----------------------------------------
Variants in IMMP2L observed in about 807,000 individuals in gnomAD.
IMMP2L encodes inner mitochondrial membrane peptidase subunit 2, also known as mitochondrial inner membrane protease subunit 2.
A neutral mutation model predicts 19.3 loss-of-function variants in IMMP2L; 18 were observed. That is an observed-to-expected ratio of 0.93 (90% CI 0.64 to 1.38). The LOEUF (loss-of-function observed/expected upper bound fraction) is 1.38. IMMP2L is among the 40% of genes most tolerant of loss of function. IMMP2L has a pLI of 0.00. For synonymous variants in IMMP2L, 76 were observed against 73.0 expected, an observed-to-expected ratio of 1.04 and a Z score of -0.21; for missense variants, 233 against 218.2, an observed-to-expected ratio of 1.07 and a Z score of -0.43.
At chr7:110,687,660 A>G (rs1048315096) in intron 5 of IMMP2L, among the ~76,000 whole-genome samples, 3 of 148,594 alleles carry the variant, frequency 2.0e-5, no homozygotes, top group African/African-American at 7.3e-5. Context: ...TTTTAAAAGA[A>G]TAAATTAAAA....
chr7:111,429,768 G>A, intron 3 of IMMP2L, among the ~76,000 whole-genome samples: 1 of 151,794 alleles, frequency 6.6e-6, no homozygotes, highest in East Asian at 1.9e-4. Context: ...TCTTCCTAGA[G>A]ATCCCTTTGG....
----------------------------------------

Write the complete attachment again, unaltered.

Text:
Variants in IMMP2L observed in about 807,000 individuals in gnomAD.
IMMP2L encodes inner mitochondrial membrane peptidase subunit 2, also known as mitochondrial inner membrane protease subunit 2.
A neutral mutation model predicts 19.3 loss-of-function variants in IMMP2L; 18 were observed. That is an observed-to-expected ratio of 0.93 (90% CI 0.64 to 1.38). The LOEUF (loss-of-function observed/expected upper bound fraction) is 1.38. IMMP2L is among the 40% of genes most tolerant of loss of function. IMMP2L has a pLI of 0.00. For synonymous variants in IMMP2L, 76 were observed against 73.0 expected, an observed-to-expected ratio of 1.04 and a Z score of -0.21; for missense variants, 233 against 218.2, an observed-to-expected ratio of 1.07 and a Z score of -0.43.
At chr7:110,687,660 A>G (rs1048315096) in intron 5 of IMMP2L, among the ~76,000 whole-genome samples, 3 of 148,594 alleles carry the variant, frequency 2.0e-5, no homozygotes, top group African/African-American at 7.3e-5. Context: ...TTTTAAAAGA[A>G]TAAATTAAAA....
chr7:111,429,768 G>A, intron 3 of IMMP2L, among the ~76,000 whole-genome samples: 1 of 151,794 alleles, frequency 6.6e-6, no homozygotes, highest in East Asian at 1.9e-4. Context: ...TCTTCCTAGA[G>A]ATCCCTTTGG....